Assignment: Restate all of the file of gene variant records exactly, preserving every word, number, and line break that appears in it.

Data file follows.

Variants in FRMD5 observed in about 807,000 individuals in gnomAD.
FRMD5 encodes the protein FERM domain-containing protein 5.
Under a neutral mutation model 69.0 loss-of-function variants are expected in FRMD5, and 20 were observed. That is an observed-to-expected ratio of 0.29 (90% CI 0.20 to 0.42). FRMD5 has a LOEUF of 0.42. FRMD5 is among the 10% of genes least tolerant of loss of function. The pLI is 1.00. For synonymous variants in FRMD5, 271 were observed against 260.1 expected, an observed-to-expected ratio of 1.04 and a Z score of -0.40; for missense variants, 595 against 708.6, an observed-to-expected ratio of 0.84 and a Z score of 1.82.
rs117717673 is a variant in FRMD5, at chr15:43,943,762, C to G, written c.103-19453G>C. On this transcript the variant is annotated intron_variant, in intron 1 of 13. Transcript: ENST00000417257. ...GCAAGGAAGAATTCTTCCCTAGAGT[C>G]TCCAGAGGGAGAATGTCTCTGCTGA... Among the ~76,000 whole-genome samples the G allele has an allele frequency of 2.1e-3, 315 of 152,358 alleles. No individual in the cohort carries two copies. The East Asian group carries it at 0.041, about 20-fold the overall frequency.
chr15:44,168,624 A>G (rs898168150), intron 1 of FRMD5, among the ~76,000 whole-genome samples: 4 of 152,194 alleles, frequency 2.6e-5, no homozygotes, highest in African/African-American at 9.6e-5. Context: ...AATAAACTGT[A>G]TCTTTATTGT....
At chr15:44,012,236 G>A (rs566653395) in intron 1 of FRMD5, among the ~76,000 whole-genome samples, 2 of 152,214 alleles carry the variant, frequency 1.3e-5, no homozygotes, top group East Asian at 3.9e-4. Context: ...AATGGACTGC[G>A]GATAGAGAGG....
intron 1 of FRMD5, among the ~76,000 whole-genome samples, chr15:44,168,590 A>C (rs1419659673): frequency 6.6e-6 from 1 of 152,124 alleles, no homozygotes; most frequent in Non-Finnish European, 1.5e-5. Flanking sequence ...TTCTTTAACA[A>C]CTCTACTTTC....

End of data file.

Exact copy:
Variants in FRMD5 observed in about 807,000 individuals in gnomAD.
FRMD5 encodes the protein FERM domain-containing protein 5.
Under a neutral mutation model 69.0 loss-of-function variants are expected in FRMD5, and 20 were observed. That is an observed-to-expected ratio of 0.29 (90% CI 0.20 to 0.42). FRMD5 has a LOEUF of 0.42. FRMD5 is among the 10% of genes least tolerant of loss of function. The pLI is 1.00. For synonymous variants in FRMD5, 271 were observed against 260.1 expected, an observed-to-expected ratio of 1.04 and a Z score of -0.40; for missense variants, 595 against 708.6, an observed-to-expected ratio of 0.84 and a Z score of 1.82.
rs117717673 is a variant in FRMD5, at chr15:43,943,762, C to G, written c.103-19453G>C. On this transcript the variant is annotated intron_variant, in intron 1 of 13. Transcript: ENST00000417257. ...GCAAGGAAGAATTCTTCCCTAGAGT[C>G]TCCAGAGGGAGAATGTCTCTGCTGA... Among the ~76,000 whole-genome samples the G allele has an allele frequency of 2.1e-3, 315 of 152,358 alleles. No individual in the cohort carries two copies. The East Asian group carries it at 0.041, about 20-fold the overall frequency.
chr15:44,168,624 A>G (rs898168150), intron 1 of FRMD5, among the ~76,000 whole-genome samples: 4 of 152,194 alleles, frequency 2.6e-5, no homozygotes, highest in African/African-American at 9.6e-5. Context: ...AATAAACTGT[A>G]TCTTTATTGT....
At chr15:44,012,236 G>A (rs566653395) in intron 1 of FRMD5, among the ~76,000 whole-genome samples, 2 of 152,214 alleles carry the variant, frequency 1.3e-5, no homozygotes, top group East Asian at 3.9e-4. Context: ...AATGGACTGC[G>A]GATAGAGAGG....
intron 1 of FRMD5, among the ~76,000 whole-genome samples, chr15:44,168,590 A>C (rs1419659673): frequency 6.6e-6 from 1 of 152,124 alleles, no homozygotes; most frequent in Non-Finnish European, 1.5e-5. Flanking sequence ...TTCTTTAACA[A>C]CTCTACTTTC....